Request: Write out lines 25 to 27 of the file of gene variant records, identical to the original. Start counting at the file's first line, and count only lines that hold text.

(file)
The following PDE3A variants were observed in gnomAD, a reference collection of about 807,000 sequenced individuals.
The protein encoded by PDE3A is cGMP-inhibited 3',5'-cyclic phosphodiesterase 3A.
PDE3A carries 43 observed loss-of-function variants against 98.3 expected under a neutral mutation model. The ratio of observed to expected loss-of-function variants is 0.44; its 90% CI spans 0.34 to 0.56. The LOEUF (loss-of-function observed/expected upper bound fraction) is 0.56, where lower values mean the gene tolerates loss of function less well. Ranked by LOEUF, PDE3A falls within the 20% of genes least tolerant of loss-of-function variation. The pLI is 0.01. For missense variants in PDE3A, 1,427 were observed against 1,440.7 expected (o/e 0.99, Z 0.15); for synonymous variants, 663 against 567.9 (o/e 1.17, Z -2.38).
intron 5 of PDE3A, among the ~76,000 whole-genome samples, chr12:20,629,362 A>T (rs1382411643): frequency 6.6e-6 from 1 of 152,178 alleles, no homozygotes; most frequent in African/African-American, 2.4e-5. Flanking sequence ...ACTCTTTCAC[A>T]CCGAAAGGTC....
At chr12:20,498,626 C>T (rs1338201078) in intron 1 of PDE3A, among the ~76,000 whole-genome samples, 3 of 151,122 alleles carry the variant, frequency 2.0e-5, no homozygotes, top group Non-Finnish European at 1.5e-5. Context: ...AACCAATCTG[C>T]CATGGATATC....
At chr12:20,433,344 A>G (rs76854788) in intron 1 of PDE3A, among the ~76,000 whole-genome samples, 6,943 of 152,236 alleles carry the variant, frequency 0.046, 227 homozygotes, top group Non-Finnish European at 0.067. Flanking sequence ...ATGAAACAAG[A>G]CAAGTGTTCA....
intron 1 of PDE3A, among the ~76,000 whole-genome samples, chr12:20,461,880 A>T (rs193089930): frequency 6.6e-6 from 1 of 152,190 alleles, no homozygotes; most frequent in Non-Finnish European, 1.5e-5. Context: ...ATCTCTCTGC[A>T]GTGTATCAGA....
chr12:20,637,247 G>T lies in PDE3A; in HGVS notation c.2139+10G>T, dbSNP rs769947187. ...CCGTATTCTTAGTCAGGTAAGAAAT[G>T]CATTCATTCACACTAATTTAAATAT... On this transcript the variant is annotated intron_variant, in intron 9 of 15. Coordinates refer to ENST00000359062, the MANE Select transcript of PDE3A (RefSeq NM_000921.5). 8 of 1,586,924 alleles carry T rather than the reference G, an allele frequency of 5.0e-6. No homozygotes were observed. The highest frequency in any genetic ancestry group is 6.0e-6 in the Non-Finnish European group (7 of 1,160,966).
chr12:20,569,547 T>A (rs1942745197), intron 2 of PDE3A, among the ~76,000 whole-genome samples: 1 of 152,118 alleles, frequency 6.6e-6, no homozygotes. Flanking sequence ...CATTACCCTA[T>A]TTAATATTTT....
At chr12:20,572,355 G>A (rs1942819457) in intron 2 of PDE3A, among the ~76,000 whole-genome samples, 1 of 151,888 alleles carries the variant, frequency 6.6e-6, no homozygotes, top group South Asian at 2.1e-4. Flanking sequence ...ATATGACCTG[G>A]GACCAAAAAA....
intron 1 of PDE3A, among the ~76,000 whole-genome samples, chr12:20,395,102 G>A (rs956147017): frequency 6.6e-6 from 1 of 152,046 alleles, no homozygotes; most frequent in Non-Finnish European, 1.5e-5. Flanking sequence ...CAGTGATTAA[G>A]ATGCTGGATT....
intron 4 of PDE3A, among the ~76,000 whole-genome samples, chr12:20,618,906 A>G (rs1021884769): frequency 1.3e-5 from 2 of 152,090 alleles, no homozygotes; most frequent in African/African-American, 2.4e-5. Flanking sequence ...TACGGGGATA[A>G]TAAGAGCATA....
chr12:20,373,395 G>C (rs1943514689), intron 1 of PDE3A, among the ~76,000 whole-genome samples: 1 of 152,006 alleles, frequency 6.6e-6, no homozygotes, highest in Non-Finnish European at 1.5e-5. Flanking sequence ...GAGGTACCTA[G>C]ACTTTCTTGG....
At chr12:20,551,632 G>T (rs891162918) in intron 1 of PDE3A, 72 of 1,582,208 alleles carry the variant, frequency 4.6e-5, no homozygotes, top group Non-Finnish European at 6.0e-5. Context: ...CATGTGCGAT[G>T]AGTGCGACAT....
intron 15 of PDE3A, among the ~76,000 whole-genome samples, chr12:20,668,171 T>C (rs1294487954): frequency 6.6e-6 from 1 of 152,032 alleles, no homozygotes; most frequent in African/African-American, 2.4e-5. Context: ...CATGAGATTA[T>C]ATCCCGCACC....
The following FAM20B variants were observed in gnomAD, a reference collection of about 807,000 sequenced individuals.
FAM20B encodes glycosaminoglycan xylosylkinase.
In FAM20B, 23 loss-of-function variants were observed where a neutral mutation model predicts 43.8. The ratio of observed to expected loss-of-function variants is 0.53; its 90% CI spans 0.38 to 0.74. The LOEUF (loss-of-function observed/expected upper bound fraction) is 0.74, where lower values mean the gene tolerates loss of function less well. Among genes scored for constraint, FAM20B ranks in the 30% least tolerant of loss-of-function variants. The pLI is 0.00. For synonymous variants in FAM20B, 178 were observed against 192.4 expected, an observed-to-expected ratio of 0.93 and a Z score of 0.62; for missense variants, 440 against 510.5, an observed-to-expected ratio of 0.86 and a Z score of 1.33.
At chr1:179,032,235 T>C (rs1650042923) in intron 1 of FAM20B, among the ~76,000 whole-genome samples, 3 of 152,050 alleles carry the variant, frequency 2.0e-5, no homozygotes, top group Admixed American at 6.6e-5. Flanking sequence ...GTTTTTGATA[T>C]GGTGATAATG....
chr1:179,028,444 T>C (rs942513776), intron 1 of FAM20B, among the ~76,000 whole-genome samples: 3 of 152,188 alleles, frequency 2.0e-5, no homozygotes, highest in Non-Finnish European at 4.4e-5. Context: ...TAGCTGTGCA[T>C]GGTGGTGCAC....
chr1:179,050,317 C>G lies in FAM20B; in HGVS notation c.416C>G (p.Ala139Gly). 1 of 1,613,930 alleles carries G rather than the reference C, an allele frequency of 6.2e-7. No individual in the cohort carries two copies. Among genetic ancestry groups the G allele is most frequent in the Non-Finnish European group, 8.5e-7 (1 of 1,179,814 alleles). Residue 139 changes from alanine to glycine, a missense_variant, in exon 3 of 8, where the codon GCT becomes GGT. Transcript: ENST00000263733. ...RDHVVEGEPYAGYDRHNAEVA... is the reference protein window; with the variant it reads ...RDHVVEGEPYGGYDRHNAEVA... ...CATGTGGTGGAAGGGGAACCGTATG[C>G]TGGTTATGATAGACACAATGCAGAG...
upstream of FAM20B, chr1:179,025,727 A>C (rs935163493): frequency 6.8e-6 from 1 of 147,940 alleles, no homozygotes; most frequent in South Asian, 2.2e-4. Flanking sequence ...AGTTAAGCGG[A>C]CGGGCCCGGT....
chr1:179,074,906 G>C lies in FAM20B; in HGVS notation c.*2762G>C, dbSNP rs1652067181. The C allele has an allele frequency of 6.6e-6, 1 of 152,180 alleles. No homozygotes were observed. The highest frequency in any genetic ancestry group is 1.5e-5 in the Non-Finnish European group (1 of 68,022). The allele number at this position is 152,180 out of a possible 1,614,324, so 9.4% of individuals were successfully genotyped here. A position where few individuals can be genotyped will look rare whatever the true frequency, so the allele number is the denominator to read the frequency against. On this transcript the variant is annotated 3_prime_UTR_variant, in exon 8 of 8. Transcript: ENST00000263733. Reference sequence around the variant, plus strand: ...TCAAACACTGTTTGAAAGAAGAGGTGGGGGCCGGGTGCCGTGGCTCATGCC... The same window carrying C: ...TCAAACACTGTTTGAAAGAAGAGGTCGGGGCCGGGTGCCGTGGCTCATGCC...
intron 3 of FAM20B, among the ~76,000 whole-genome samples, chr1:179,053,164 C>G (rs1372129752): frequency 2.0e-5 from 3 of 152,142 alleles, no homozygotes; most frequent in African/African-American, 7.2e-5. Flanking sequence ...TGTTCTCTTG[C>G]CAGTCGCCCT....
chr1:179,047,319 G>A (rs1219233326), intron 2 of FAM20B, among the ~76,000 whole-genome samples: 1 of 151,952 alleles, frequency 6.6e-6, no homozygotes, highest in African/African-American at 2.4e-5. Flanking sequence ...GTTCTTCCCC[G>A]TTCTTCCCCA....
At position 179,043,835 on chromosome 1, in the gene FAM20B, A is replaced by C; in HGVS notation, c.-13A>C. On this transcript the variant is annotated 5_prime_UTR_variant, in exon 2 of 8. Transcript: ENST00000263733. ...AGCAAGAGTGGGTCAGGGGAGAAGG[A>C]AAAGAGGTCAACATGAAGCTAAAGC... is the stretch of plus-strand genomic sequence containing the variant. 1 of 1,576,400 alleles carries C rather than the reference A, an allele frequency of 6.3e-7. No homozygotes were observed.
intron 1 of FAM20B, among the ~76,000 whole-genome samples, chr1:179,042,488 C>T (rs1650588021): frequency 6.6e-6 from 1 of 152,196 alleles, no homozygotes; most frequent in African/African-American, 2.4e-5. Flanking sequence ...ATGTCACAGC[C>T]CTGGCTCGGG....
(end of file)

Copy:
chr1:179,047,319 G>A (rs1219233326), intron 2 of FAM20B, among the ~76,000 whole-genome samples: 1 of 151,952 alleles, frequency 6.6e-6, no homozygotes, highest in African/African-American at 2.4e-5. Flanking sequence ...GTTCTTCCCC[G>A]TTCTTCCCCA....
At position 179,043,835 on chromosome 1, in the gene FAM20B, A is replaced by C; in HGVS notation, c.-13A>C. On this transcript the variant is annotated 5_prime_UTR_variant, in exon 2 of 8. Transcript: ENST00000263733. ...AGCAAGAGTGGGTCAGGGGAGAAGG[A>C]AAAGAGGTCAACATGAAGCTAAAGC... is the stretch of plus-strand genomic sequence containing the variant. 1 of 1,576,400 alleles carries C rather than the reference A, an allele frequency of 6.3e-7. No homozygotes were observed.
intron 1 of FAM20B, among the ~76,000 whole-genome samples, chr1:179,042,488 C>T (rs1650588021): frequency 6.6e-6 from 1 of 152,196 alleles, no homozygotes; most frequent in African/African-American, 2.4e-5. Flanking sequence ...ATGTCACAGC[C>T]CTGGCTCGGG....